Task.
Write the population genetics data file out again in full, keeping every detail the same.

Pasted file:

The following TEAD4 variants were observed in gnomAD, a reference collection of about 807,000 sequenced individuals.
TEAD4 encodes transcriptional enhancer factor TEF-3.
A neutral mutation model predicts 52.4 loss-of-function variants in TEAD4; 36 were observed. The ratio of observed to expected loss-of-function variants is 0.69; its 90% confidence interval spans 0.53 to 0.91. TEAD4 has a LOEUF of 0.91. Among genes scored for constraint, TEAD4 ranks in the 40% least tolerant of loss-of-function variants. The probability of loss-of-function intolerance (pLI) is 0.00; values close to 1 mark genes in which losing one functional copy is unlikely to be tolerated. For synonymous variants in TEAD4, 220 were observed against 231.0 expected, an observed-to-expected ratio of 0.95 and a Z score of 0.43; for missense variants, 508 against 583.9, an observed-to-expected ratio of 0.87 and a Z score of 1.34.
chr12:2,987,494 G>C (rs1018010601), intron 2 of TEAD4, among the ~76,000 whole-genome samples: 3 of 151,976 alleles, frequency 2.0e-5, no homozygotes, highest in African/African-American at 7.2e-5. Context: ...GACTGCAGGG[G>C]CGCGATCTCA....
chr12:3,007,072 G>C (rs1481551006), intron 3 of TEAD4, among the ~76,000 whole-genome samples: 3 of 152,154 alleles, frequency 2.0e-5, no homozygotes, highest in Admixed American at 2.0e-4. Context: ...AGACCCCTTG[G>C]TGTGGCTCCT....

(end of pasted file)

The following TEAD4 variants were observed in gnomAD, a reference collection of about 807,000 sequenced individuals.
TEAD4 encodes transcriptional enhancer factor TEF-3.
A neutral mutation model predicts 52.4 loss-of-function variants in TEAD4; 36 were observed. The ratio of observed to expected loss-of-function variants is 0.69; its 90% confidence interval spans 0.53 to 0.91. TEAD4 has a LOEUF of 0.91. Among genes scored for constraint, TEAD4 ranks in the 40% least tolerant of loss-of-function variants. The probability of loss-of-function intolerance (pLI) is 0.00; values close to 1 mark genes in which losing one functional copy is unlikely to be tolerated. For synonymous variants in TEAD4, 220 were observed against 231.0 expected, an observed-to-expected ratio of 0.95 and a Z score of 0.43; for missense variants, 508 against 583.9, an observed-to-expected ratio of 0.87 and a Z score of 1.34.
chr12:2,987,494 G>C (rs1018010601), intron 2 of TEAD4, among the ~76,000 whole-genome samples: 3 of 151,976 alleles, frequency 2.0e-5, no homozygotes, highest in African/African-American at 7.2e-5. Context: ...GACTGCAGGG[G>C]CGCGATCTCA....
chr12:3,007,072 G>C (rs1481551006), intron 3 of TEAD4, among the ~76,000 whole-genome samples: 3 of 152,154 alleles, frequency 2.0e-5, no homozygotes, highest in Admixed American at 2.0e-4. Context: ...AGACCCCTTG[G>C]TGTGGCTCCT....